An MU grad student forms an unlikely bond with an overlooked teen
Certain types of giving are hard to measure. One could tally up volunteer hours, but numbers don’t tell the whole story. One could try to add up money donated, but there typically aren’t donation slips to count. Jimmie Jones’ type of giving is rare and difficult to quantify, but it’s a way of life that he has adopted wholeheartedly. Simply put, it is giving oneself entirely.
Jimmie grew up in Detroit. His mom and others in his life steered him toward sports to keep him off the streets and out of trouble. In 2003, he came to MU on a track scholarship and quickly became involved in the community through Big Brothers Big Sisters.
Following his senior year at MU, Jimmie worked as a playground supervisor at Derby Ridge Elementary School and then as a substitute teacher at Rock Bridge High School. Faculty members began approaching him for help with adjusting behavioral patterns they saw among students. It was while working with Dana Harris, a guidance counselor at Oakland Junior High School, that Jimmie first met Tre Holder in the Boys Empowerment Club.
Tre, a 16-year-old going into his junior year at Hickman High School, has 16 siblings spread out among various family members and foster families. He was in 19 foster care placements before he turned 16; the longest stay was six months. He’s been in legal trouble before, and he has a daughter, Mari, who is 9 months old.
These are just the facts of his situation. Look beyond these statistics, and you’ll see a good-looking, quiet boy who loves rap music and tends to internalize his problems. He says he wants to be a music producer when he graduates from college, and he has been recording his own rap songs since he was in sixth grade.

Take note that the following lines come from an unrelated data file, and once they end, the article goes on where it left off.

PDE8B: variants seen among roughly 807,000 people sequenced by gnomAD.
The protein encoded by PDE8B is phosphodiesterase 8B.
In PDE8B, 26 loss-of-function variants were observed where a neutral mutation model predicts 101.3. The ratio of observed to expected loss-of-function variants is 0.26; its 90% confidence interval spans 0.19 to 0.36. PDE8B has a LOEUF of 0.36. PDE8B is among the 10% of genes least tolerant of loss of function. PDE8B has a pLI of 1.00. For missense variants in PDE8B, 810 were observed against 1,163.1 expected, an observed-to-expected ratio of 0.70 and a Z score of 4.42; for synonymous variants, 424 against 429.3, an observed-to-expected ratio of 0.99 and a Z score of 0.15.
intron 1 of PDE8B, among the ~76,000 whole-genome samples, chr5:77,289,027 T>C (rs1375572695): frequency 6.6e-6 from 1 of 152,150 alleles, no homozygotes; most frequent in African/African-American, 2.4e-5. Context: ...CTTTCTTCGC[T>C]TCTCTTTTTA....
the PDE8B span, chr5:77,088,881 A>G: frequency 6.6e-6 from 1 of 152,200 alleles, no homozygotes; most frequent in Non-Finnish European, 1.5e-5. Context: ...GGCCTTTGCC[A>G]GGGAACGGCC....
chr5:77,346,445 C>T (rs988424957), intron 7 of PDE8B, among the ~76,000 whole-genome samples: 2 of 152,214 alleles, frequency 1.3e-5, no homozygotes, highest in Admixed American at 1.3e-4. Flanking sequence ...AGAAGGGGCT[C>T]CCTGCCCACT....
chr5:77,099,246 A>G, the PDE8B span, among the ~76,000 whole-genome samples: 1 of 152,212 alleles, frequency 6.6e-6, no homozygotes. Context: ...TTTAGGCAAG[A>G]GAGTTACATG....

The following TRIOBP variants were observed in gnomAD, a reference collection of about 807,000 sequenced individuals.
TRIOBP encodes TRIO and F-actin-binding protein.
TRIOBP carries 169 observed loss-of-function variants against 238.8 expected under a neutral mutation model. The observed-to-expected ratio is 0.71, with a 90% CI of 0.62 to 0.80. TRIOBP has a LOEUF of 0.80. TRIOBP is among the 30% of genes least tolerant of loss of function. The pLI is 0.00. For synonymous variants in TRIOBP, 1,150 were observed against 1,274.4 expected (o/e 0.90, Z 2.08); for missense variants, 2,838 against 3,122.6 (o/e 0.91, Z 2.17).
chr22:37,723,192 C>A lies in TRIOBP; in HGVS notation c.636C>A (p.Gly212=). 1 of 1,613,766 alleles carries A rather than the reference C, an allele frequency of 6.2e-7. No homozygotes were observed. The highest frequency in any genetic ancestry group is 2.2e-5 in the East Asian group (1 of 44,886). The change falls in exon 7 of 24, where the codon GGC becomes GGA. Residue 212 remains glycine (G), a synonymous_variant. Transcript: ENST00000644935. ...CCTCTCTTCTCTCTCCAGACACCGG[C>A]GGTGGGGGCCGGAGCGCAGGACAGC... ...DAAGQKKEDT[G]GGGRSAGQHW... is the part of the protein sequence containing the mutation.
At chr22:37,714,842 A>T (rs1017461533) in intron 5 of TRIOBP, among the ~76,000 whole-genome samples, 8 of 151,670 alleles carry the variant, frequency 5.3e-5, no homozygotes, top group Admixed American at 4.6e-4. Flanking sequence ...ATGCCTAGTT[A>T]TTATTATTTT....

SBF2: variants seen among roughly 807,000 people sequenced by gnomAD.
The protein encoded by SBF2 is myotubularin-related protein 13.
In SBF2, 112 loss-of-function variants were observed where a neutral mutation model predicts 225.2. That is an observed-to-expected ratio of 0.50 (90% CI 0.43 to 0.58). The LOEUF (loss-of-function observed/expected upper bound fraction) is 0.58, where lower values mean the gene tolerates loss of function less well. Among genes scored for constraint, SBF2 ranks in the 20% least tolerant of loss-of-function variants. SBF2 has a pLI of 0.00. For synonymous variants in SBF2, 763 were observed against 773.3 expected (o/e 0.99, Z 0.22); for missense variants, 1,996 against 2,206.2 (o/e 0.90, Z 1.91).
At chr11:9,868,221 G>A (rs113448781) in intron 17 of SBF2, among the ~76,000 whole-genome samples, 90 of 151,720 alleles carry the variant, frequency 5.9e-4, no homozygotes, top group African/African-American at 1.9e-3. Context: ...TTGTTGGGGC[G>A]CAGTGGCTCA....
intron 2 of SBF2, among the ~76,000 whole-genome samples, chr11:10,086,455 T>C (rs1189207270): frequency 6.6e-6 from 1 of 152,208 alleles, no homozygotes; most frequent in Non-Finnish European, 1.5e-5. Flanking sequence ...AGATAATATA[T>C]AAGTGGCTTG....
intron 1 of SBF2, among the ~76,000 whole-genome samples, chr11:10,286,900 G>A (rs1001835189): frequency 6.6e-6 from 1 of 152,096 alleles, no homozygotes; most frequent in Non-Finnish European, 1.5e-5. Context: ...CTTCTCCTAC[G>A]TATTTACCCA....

Jimmie has a lot in common with Tre, which helped them bond, Dana says.
Tre was put into different foster homes, each with its own set of issues that prevented a connection with Tre. “With him and Jimmie, it’s like they just mesh together,” Dana says. “He’s connected with him because Jimmie gets him.”
Tre was up for his 20th foster care placement in January. When Jimmie, now a graduate student in the college of education at MU, made the decision to become Tre’s legal guardian, the people he encountered in the process were baffled, he says. Not only was he an atypical guardian, but he was also taking in a kid whom others had passed over. Nevertheless, Tre moved into Jimmie’s duplex on Sunday, Feb. 5.
Jimmie’s first goal with Tre was to help him focus on school. After talking to the staff at Hickman, Jimmie found that Tre had been invisible, and those who did see him tended to see his past.
“I went straight up to the school and made sure the counselors and teachers understand that his trajectory is changing — he’s got all the potential in the world, and he’s not just about to graduate high school, he’s about to get into any college that he wants to,” Jimmie says. “And they’re looking at me like I’m crazy, and I’m looking at them like they’re crazy for looking at me like I’m crazy.”
That’s often all it takes to make a difference, Jimmie says. It only takes one person who believes so strongly in another to make that person believe in him or herself.
The staff now sees what Jimmie sees in Tre: a bright, musically inclined boy with a lot of potential.
That’s not the only change. Tre has turned his assignment grades, which were once Ds and Fs, into As and Bs. He’s employed, he won an award for good behavior at Hickman, and he says he is truly happy.